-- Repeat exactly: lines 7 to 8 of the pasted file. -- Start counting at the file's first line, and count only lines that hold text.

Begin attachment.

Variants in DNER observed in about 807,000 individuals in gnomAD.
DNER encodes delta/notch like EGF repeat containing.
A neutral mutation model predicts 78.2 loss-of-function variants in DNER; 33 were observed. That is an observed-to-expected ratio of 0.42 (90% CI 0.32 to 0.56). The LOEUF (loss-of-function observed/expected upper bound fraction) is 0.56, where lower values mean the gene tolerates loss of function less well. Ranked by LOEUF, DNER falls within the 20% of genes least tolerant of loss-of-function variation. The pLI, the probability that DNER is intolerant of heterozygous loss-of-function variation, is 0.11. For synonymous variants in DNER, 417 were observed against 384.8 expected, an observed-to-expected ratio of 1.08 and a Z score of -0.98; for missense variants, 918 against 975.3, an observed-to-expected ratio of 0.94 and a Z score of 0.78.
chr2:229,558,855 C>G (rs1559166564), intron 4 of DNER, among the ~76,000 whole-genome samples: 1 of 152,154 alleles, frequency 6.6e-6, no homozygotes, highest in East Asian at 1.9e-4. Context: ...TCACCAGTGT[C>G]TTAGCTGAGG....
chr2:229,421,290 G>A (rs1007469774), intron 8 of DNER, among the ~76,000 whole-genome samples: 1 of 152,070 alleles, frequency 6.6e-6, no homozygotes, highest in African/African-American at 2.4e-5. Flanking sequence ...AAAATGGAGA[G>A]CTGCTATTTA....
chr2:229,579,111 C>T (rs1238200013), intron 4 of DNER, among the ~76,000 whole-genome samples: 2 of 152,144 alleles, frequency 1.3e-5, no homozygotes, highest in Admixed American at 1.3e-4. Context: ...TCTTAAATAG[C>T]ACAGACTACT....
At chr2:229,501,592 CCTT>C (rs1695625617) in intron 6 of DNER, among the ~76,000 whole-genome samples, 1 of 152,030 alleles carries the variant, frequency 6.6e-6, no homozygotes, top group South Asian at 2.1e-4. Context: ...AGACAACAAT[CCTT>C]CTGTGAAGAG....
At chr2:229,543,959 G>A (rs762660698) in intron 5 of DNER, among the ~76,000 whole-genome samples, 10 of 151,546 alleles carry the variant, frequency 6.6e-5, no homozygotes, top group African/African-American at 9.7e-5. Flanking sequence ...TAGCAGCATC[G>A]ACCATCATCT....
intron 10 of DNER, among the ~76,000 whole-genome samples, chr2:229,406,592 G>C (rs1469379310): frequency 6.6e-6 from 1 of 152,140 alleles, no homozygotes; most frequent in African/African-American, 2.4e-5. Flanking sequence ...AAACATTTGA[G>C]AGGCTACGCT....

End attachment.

At chr2:229,501,592 CCTT>C (rs1695625617) in intron 6 of DNER, among the ~76,000 whole-genome samples, 1 of 152,030 alleles carries the variant, frequency 6.6e-6, no homozygotes, top group South Asian at 2.1e-4. Context: ...AGACAACAAT[CCTT>C]CTGTGAAGAG....
At chr2:229,543,959 G>A (rs762660698) in intron 5 of DNER, among the ~76,000 whole-genome samples, 10 of 151,546 alleles carry the variant, frequency 6.6e-5, no homozygotes, top group African/African-American at 9.7e-5. Flanking sequence ...TAGCAGCATC[G>A]ACCATCATCT....